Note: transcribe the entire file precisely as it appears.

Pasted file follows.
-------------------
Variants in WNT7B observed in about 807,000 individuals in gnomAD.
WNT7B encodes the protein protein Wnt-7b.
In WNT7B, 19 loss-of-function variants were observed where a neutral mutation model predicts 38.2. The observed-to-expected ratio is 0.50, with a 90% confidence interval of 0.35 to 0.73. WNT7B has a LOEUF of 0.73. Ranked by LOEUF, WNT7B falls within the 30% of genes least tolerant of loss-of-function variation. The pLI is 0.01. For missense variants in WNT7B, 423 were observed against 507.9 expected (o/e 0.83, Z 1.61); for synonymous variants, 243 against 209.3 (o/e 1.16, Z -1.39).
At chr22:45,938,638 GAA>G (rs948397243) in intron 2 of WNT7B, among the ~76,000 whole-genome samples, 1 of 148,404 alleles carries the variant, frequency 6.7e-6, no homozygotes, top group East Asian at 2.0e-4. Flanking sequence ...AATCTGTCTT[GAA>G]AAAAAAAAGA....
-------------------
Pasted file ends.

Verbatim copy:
Variants in WNT7B observed in about 807,000 individuals in gnomAD.
WNT7B encodes the protein protein Wnt-7b.
In WNT7B, 19 loss-of-function variants were observed where a neutral mutation model predicts 38.2. The observed-to-expected ratio is 0.50, with a 90% confidence interval of 0.35 to 0.73. WNT7B has a LOEUF of 0.73. Ranked by LOEUF, WNT7B falls within the 30% of genes least tolerant of loss-of-function variation. The pLI is 0.01. For missense variants in WNT7B, 423 were observed against 507.9 expected (o/e 0.83, Z 1.61); for synonymous variants, 243 against 209.3 (o/e 1.16, Z -1.39).
At chr22:45,938,638 GAA>G (rs948397243) in intron 2 of WNT7B, among the ~76,000 whole-genome samples, 1 of 148,404 alleles carries the variant, frequency 6.7e-6, no homozygotes, top group East Asian at 2.0e-4. Flanking sequence ...AATCTGTCTT[GAA>G]AAAAAAAAGA....